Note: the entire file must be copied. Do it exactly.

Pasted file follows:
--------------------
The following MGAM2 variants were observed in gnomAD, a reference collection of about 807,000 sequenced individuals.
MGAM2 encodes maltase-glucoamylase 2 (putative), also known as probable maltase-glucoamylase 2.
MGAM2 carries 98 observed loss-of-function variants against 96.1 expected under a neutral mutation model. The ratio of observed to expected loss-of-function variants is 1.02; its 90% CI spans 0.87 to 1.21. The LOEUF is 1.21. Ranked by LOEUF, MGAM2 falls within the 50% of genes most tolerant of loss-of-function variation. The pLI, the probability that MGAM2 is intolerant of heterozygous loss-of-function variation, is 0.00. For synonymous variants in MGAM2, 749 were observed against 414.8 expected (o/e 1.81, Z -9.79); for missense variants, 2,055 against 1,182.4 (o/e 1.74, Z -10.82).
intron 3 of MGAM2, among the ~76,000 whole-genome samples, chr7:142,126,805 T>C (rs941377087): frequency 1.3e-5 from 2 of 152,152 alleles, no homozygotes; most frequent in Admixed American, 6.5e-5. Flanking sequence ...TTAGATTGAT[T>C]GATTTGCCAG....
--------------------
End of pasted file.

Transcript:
The following MGAM2 variants were observed in gnomAD, a reference collection of about 807,000 sequenced individuals.
MGAM2 encodes maltase-glucoamylase 2 (putative), also known as probable maltase-glucoamylase 2.
MGAM2 carries 98 observed loss-of-function variants against 96.1 expected under a neutral mutation model. The ratio of observed to expected loss-of-function variants is 1.02; its 90% CI spans 0.87 to 1.21. The LOEUF is 1.21. Ranked by LOEUF, MGAM2 falls within the 50% of genes most tolerant of loss-of-function variation. The pLI, the probability that MGAM2 is intolerant of heterozygous loss-of-function variation, is 0.00. For synonymous variants in MGAM2, 749 were observed against 414.8 expected (o/e 1.81, Z -9.79); for missense variants, 2,055 against 1,182.4 (o/e 1.74, Z -10.82).
intron 3 of MGAM2, among the ~76,000 whole-genome samples, chr7:142,126,805 T>C (rs941377087): frequency 1.3e-5 from 2 of 152,152 alleles, no homozygotes; most frequent in Admixed American, 6.5e-5. Flanking sequence ...TTAGATTGAT[T>C]GATTTGCCAG....